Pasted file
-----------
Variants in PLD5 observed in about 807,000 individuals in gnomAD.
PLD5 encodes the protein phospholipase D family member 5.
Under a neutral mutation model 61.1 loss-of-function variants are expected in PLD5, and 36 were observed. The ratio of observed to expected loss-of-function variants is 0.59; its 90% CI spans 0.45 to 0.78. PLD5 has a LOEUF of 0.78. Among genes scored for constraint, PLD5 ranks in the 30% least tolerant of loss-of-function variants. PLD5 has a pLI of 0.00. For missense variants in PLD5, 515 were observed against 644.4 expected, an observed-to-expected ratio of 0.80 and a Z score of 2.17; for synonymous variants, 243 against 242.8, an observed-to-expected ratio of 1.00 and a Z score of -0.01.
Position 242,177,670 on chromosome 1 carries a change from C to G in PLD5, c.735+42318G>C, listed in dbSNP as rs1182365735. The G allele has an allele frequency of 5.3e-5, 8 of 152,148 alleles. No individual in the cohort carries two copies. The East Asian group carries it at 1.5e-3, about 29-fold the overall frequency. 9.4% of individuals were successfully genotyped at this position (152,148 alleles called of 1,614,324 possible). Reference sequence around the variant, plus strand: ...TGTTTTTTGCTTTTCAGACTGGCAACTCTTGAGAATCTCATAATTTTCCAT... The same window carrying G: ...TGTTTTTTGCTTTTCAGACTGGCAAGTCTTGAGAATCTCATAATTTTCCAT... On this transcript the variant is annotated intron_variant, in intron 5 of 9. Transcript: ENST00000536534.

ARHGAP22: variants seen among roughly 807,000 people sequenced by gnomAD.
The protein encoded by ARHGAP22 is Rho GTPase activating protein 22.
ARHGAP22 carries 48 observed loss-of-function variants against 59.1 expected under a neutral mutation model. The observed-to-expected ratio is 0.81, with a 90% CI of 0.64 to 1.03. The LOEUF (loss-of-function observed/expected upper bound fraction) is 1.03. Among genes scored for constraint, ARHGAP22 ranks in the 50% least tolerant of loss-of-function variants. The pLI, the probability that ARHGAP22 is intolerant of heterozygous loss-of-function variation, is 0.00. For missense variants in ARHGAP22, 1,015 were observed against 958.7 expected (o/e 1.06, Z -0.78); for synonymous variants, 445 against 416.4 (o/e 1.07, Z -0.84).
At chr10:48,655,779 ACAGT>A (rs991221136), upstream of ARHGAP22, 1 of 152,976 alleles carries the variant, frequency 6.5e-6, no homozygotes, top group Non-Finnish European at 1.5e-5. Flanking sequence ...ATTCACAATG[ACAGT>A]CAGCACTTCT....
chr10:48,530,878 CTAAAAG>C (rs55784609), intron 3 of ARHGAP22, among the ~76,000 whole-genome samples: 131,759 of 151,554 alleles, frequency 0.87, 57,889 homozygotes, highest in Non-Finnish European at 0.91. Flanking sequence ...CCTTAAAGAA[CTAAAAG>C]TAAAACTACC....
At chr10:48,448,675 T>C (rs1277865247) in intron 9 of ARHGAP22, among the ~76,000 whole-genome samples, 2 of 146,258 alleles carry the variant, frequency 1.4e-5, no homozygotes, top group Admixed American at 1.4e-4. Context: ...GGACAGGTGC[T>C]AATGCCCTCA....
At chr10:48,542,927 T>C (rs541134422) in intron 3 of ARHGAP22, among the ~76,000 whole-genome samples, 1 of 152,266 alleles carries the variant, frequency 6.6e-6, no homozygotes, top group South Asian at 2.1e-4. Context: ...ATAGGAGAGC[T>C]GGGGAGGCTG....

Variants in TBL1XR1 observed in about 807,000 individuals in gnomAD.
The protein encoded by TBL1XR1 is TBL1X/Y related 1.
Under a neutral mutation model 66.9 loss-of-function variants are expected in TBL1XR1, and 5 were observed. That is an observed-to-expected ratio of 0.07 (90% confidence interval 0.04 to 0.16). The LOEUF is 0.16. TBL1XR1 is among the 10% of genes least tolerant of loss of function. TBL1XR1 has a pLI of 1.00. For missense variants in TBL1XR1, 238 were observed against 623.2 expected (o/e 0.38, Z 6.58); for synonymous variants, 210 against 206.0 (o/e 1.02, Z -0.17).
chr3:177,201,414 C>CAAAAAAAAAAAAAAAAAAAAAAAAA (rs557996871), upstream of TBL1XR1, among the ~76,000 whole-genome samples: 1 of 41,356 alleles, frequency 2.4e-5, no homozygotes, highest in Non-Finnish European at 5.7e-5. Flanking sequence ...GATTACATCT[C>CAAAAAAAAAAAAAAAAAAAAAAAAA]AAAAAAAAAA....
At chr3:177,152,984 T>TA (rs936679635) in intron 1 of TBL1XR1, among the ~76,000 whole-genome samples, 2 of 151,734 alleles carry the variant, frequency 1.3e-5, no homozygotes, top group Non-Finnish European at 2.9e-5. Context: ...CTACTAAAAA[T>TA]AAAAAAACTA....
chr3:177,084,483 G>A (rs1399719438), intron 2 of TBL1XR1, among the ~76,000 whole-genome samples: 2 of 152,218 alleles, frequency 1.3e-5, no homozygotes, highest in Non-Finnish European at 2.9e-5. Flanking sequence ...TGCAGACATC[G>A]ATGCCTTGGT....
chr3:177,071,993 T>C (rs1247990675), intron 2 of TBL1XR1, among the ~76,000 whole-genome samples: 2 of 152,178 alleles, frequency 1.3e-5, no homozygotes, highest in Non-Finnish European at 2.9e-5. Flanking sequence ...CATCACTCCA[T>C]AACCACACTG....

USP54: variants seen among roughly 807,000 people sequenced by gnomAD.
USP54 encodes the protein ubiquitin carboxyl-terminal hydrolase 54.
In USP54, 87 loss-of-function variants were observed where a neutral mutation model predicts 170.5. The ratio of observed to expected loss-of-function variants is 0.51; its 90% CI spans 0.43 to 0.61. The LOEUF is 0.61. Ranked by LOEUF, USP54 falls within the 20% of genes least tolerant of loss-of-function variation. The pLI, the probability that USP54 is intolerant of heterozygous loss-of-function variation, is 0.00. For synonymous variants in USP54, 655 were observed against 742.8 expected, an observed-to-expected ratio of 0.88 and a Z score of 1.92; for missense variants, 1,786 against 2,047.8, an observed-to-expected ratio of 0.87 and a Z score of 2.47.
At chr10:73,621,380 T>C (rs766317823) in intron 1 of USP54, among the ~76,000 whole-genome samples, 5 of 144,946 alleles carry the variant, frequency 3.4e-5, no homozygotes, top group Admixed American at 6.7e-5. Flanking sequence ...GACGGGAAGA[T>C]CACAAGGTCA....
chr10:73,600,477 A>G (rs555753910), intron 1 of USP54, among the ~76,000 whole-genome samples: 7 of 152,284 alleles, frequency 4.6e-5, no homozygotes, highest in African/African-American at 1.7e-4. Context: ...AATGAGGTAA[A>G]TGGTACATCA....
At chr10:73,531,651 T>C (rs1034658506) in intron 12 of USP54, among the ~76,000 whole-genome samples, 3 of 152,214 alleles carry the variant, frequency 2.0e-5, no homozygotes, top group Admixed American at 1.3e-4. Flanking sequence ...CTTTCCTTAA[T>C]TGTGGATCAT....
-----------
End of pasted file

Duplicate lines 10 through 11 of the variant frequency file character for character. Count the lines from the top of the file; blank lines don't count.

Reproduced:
At chr10:48,448,675 T>C (rs1277865247) in intron 9 of ARHGAP22, among the ~76,000 whole-genome samples, 2 of 146,258 alleles carry the variant, frequency 1.4e-5, no homozygotes, top group Admixed American at 1.4e-4. Context: ...GGACAGGTGC[T>C]AATGCCCTCA....
At chr10:48,542,927 T>C (rs541134422) in intron 3 of ARHGAP22, among the ~76,000 whole-genome samples, 1 of 152,266 alleles carries the variant, frequency 6.6e-6, no homozygotes, top group South Asian at 2.1e-4. Context: ...ATAGGAGAGC[T>C]GGGGAGGCTG....